The finer art of Transcription.

Since returning to Portland, I’ve fallen into transcribing the 45 hours or so of one-on-one interviews I compiled during my fieldwork studying the improv scene of Rochester, NY.  When I look at the numbers, it seems daunting.  When I look at how much time I have before I absolutely need to have a job, it makes me a little panicky. When I look at the words and listen to the interview as an analyst, I become very excited and intrigued. Sometimes I laugh out loud, and sometimes I hiss “Yessss” through my teeth while clenching my fist.

I started the draft of my thesis today, and it was exciting.

Here’s some quotes from various audience members and performers:

  • I find it very interesting to see the stumbling and recovery skills.  That’s terrific, really fun.   (Why do you think that’s terrific?)  Well because in real life we always get ourselves into jams, and, you know, the temptation is to feel terrible, just ashamed, and you know you want to disappear, die.  Please kill me. Take me now! But you know, children have this task to develop recovery skills from jams, you know, things that go on. And, you know, the better you do that, the easier the world will be.
  • It’s kind of like going to see a movie. You might not even be interested in it, but, you know, your favorite actor’s in it. You know, you know the person. You know their work.  They’ve made you laugh in the past. So you go and see them this time.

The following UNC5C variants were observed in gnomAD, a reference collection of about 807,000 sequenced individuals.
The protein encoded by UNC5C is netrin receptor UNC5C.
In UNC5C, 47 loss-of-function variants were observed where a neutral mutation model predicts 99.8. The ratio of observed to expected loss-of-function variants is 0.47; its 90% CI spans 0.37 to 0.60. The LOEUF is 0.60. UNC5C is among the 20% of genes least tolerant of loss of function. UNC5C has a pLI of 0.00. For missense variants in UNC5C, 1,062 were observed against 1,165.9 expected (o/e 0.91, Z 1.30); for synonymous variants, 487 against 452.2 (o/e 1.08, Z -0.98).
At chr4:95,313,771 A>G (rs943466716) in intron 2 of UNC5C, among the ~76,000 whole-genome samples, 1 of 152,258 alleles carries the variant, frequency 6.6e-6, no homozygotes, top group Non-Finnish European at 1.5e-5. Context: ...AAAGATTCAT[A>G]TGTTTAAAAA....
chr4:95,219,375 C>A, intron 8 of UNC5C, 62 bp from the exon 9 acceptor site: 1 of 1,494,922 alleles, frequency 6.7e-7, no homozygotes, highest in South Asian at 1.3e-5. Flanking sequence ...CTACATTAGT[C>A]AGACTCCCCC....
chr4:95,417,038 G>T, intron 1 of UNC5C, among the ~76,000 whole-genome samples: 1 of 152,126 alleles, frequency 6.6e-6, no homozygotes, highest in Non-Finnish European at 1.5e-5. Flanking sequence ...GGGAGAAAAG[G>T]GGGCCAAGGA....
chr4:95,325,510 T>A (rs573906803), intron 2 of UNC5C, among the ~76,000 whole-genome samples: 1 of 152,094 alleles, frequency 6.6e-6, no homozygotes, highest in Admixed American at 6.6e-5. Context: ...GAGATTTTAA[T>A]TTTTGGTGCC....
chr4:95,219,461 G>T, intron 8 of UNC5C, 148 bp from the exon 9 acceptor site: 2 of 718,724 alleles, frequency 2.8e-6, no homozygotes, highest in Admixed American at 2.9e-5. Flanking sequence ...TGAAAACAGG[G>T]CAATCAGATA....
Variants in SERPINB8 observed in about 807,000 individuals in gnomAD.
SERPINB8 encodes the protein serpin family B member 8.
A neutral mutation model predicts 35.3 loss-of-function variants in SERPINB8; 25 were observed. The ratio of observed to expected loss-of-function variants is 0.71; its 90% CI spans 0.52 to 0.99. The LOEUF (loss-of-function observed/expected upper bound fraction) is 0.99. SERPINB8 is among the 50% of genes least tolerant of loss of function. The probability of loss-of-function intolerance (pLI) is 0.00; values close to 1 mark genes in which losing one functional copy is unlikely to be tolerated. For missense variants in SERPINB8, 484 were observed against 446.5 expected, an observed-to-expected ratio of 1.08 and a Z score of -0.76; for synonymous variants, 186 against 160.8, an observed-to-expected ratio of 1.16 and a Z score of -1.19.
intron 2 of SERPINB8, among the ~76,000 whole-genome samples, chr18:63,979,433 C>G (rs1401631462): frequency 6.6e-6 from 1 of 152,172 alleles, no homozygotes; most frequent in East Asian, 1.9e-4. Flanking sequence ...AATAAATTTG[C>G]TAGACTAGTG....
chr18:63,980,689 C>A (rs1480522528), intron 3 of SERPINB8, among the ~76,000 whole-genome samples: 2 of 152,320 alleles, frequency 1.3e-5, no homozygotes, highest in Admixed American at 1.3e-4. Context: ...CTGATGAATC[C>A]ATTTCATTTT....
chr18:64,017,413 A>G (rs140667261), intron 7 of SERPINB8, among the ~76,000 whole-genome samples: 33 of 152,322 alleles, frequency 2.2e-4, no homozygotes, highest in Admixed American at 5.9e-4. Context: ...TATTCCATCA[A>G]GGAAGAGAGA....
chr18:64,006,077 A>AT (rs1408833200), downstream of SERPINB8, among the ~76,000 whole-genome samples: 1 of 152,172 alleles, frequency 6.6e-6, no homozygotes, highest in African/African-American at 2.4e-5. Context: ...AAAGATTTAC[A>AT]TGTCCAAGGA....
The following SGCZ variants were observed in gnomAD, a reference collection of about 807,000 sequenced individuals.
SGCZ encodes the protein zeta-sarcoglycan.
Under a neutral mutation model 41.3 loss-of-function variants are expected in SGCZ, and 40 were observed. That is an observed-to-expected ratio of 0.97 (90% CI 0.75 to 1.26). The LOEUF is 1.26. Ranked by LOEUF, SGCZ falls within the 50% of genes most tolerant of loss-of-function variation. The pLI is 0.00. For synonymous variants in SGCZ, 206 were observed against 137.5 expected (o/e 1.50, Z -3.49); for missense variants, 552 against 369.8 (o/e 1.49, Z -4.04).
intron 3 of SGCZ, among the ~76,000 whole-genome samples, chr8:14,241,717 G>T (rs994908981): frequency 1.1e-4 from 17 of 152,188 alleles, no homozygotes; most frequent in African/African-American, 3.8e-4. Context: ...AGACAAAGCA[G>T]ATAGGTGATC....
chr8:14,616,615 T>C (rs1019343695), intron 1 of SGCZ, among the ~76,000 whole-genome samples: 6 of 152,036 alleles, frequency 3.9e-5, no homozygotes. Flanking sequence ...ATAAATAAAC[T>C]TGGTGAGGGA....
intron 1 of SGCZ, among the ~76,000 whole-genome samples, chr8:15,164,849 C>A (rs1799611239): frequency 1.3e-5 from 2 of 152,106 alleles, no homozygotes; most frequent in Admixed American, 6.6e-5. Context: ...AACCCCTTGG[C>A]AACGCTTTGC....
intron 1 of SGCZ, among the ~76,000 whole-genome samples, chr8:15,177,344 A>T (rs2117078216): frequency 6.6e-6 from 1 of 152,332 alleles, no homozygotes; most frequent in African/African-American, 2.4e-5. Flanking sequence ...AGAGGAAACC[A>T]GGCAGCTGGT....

•  Music or opera that involves a number of musicians and talents done to the Nth degree would be comparable to the best improv.
  • It wasn’t the sexual titillation of it, it was the horror of watching two people give themselves over to what developed between them in that space.
  • I was very touched [by a show]…I mean, that’s no lie, and I just said, “What if I lived that way?”   And it caused me to examine, on the lowest level, what if I said “yes, and..” to you and you [pointing randomly at people].
  • I wasn’t falling asleep like I sometimes do. In fact, they kept me awake, and I have narcolepsy. The guy that I was with kept looking at me to make sure I’m awake because he pokes me. And I said, “I’m not falling asleep”, and I stayed awake through that whole thing.
  • Man, it goes dark and dirty quickly.  It always does.  Comedy always does.  People relate to it somehow.  It breaks the ice.  It’s like ‘we all have this in common. We all love dirty jokes’. 
  • If the audience never saw human sacrifice Canasta, then I think they would be cheated.

There’s more, and only some of it will end up in my thesis.  I started writing it today, and I’m going for a draft by March.  Wish me luck.

Published by bradfortier

Educator, Anthropologist, Entertainer who lives in Portland Oregon.

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